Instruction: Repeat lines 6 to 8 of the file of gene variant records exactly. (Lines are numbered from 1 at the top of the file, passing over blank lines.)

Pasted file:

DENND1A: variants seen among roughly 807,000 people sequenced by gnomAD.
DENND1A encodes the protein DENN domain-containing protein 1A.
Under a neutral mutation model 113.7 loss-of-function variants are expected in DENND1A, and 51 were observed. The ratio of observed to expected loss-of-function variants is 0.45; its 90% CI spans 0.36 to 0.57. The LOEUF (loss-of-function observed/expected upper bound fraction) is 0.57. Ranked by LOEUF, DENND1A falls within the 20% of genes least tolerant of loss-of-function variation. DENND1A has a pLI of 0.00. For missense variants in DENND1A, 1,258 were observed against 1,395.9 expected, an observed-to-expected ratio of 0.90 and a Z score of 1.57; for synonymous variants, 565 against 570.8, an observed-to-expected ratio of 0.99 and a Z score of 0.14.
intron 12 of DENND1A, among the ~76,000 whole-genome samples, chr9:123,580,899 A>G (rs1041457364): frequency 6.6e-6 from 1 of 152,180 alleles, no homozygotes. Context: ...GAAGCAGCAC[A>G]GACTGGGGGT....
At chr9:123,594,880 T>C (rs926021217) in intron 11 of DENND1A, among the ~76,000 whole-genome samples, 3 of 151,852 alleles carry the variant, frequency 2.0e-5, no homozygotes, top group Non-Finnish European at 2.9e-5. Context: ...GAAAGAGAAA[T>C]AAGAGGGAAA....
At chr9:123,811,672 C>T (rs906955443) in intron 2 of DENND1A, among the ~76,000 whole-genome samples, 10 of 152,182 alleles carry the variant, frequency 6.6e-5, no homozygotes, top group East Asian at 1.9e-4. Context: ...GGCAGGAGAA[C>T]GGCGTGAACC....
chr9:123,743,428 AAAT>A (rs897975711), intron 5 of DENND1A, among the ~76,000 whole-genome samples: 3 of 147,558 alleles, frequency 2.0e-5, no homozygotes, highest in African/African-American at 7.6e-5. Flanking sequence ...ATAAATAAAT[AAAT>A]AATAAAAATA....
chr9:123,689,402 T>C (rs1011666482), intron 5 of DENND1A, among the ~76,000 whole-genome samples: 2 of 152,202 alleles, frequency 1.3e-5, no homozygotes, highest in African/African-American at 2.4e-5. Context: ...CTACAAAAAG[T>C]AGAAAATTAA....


At chr9:123,811,672 C>T (rs906955443) in intron 2 of DENND1A, among the ~76,000 whole-genome samples, 10 of 152,182 alleles carry the variant, frequency 6.6e-5, no homozygotes, top group East Asian at 1.9e-4. Context: ...GGCAGGAGAA[C>T]GGCGTGAACC....
chr9:123,743,428 AAAT>A (rs897975711), intron 5 of DENND1A, among the ~76,000 whole-genome samples: 3 of 147,558 alleles, frequency 2.0e-5, no homozygotes, highest in African/African-American at 7.6e-5. Flanking sequence ...ATAAATAAAT[AAAT>A]AATAAAAATA....
chr9:123,689,402 T>C (rs1011666482), intron 5 of DENND1A, among the ~76,000 whole-genome samples: 2 of 152,202 alleles, frequency 1.3e-5, no homozygotes, highest in African/African-American at 2.4e-5. Context: ...CTACAAAAAG[T>C]AGAAAATTAA....